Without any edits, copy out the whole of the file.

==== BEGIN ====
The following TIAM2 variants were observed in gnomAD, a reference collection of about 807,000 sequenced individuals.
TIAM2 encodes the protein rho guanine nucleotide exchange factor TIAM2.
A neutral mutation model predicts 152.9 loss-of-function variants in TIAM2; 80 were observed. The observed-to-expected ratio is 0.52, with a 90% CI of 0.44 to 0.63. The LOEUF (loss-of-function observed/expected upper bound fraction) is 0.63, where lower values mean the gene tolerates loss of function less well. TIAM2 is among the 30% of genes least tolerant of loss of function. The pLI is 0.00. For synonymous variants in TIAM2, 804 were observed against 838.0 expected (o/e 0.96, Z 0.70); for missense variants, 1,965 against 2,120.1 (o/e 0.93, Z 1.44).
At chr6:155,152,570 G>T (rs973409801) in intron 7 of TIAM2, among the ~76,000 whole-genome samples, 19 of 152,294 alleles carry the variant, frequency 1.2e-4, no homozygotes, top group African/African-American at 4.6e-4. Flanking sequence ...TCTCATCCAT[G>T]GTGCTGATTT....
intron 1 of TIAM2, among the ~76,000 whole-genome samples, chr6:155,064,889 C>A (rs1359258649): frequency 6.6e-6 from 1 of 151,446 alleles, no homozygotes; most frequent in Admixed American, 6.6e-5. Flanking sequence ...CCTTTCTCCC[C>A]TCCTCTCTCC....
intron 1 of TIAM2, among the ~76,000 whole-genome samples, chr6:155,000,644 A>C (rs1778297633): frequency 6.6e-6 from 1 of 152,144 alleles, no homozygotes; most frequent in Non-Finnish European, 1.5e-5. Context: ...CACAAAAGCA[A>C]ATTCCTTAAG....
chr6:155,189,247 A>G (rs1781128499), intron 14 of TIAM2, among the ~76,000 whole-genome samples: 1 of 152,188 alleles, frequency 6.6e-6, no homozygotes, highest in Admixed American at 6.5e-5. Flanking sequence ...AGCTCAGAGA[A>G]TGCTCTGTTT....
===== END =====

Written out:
The following TIAM2 variants were observed in gnomAD, a reference collection of about 807,000 sequenced individuals.
TIAM2 encodes the protein rho guanine nucleotide exchange factor TIAM2.
A neutral mutation model predicts 152.9 loss-of-function variants in TIAM2; 80 were observed. The observed-to-expected ratio is 0.52, with a 90% CI of 0.44 to 0.63. The LOEUF (loss-of-function observed/expected upper bound fraction) is 0.63, where lower values mean the gene tolerates loss of function less well. TIAM2 is among the 30% of genes least tolerant of loss of function. The pLI is 0.00. For synonymous variants in TIAM2, 804 were observed against 838.0 expected (o/e 0.96, Z 0.70); for missense variants, 1,965 against 2,120.1 (o/e 0.93, Z 1.44).
At chr6:155,152,570 G>T (rs973409801) in intron 7 of TIAM2, among the ~76,000 whole-genome samples, 19 of 152,294 alleles carry the variant, frequency 1.2e-4, no homozygotes, top group African/African-American at 4.6e-4. Flanking sequence ...TCTCATCCAT[G>T]GTGCTGATTT....
intron 1 of TIAM2, among the ~76,000 whole-genome samples, chr6:155,064,889 C>A (rs1359258649): frequency 6.6e-6 from 1 of 151,446 alleles, no homozygotes; most frequent in Admixed American, 6.6e-5. Flanking sequence ...CCTTTCTCCC[C>A]TCCTCTCTCC....
intron 1 of TIAM2, among the ~76,000 whole-genome samples, chr6:155,000,644 A>C (rs1778297633): frequency 6.6e-6 from 1 of 152,144 alleles, no homozygotes; most frequent in Non-Finnish European, 1.5e-5. Context: ...CACAAAAGCA[A>C]ATTCCTTAAG....
chr6:155,189,247 A>G (rs1781128499), intron 14 of TIAM2, among the ~76,000 whole-genome samples: 1 of 152,188 alleles, frequency 6.6e-6, no homozygotes, highest in Admixed American at 6.5e-5. Flanking sequence ...AGCTCAGAGA[A>G]TGCTCTGTTT....